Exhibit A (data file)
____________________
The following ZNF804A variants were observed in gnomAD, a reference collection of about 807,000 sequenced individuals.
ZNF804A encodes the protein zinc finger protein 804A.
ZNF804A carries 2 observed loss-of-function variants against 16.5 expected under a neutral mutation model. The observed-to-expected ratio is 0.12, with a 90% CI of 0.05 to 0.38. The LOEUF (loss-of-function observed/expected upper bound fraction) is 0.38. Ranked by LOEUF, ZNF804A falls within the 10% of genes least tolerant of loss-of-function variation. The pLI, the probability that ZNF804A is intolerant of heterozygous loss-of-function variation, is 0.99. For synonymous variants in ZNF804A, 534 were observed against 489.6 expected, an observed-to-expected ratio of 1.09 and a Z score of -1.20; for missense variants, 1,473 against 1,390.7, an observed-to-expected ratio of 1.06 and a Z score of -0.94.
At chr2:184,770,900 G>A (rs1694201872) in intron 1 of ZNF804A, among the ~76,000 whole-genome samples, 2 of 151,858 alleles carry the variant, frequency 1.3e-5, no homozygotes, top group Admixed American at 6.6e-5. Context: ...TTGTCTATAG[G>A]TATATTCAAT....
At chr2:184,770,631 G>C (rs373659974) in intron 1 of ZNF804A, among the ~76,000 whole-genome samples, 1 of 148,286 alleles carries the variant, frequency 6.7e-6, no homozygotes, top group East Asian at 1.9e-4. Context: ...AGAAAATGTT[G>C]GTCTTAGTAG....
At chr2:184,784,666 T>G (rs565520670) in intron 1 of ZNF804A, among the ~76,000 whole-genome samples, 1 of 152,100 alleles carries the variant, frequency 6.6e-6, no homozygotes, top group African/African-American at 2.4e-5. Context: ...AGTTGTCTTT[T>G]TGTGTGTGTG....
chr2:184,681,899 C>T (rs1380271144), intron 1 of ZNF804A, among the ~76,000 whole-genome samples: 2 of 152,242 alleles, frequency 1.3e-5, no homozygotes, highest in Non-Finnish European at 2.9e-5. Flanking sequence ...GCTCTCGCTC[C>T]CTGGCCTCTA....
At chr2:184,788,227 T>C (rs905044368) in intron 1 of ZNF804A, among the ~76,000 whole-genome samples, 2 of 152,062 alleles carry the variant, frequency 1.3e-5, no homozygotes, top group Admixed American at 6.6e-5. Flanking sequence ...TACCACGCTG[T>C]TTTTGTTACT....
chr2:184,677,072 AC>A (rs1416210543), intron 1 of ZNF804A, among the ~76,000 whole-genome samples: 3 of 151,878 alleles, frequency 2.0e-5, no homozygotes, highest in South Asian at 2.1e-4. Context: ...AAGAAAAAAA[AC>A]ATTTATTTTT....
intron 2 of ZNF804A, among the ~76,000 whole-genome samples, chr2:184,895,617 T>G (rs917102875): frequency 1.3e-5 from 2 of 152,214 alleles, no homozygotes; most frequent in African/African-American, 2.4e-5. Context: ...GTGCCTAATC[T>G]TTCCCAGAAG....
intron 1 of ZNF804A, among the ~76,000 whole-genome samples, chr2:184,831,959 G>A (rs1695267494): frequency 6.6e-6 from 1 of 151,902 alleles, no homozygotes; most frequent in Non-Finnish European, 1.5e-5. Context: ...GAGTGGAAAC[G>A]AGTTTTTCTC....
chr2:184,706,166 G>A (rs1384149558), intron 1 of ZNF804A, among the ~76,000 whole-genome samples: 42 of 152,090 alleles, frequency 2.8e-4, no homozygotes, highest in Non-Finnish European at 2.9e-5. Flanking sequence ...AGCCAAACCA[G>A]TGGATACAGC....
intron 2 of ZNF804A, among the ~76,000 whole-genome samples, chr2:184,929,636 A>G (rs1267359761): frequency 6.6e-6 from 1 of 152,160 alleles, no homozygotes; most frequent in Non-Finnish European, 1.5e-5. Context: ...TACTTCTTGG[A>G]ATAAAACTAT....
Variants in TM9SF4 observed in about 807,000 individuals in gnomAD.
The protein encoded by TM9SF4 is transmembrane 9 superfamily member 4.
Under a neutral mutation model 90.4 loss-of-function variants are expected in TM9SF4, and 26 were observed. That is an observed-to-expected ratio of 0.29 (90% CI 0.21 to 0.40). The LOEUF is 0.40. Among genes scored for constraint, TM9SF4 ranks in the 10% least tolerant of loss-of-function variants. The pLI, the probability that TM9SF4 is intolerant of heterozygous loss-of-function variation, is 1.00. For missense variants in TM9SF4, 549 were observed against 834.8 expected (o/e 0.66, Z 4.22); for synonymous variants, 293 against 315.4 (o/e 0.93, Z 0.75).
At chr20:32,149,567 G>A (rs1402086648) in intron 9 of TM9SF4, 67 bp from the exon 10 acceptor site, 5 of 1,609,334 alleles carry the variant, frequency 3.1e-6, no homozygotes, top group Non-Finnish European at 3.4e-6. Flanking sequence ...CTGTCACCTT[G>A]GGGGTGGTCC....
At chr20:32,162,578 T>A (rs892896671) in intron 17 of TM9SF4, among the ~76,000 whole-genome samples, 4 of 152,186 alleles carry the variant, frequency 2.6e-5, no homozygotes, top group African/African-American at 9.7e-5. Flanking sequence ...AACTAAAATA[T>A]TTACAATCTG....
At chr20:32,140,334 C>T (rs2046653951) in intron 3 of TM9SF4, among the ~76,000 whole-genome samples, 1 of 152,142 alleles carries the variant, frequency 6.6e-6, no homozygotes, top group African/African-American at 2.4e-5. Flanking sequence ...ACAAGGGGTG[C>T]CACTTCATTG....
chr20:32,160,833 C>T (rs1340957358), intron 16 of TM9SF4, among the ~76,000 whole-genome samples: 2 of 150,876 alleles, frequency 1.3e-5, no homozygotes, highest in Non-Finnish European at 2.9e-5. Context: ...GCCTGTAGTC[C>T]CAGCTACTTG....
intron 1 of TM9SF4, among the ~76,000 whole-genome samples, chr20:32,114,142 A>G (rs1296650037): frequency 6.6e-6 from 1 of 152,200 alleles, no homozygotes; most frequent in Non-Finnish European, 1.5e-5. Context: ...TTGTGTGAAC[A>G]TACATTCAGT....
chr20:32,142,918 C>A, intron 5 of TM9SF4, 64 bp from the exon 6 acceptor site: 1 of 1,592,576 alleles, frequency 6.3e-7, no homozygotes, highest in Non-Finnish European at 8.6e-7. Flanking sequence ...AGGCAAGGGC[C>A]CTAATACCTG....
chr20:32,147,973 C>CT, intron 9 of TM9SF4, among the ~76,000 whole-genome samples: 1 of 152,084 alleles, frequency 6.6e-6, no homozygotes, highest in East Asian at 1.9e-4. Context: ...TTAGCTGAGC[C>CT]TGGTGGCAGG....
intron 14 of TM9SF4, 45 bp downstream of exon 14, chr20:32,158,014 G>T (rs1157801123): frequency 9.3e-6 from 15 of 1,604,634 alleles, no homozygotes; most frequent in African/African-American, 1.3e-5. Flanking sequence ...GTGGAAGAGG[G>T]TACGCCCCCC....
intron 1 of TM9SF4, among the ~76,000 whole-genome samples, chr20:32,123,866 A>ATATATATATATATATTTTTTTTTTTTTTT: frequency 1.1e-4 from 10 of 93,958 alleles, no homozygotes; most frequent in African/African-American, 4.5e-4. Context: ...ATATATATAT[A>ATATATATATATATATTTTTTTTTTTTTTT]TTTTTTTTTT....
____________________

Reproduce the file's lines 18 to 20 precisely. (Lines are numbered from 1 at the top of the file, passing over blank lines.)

At chr20:32,162,578 T>A (rs892896671) in intron 17 of TM9SF4, among the ~76,000 whole-genome samples, 4 of 152,186 alleles carry the variant, frequency 2.6e-5, no homozygotes, top group African/African-American at 9.7e-5. Flanking sequence ...AACTAAAATA[T>A]TTACAATCTG....
At chr20:32,140,334 C>T (rs2046653951) in intron 3 of TM9SF4, among the ~76,000 whole-genome samples, 1 of 152,142 alleles carries the variant, frequency 6.6e-6, no homozygotes, top group African/African-American at 2.4e-5. Flanking sequence ...ACAAGGGGTG[C>T]CACTTCATTG....
chr20:32,160,833 C>T (rs1340957358), intron 16 of TM9SF4, among the ~76,000 whole-genome samples: 2 of 150,876 alleles, frequency 1.3e-5, no homozygotes, highest in Non-Finnish European at 2.9e-5. Context: ...GCCTGTAGTC[C>T]CAGCTACTTG....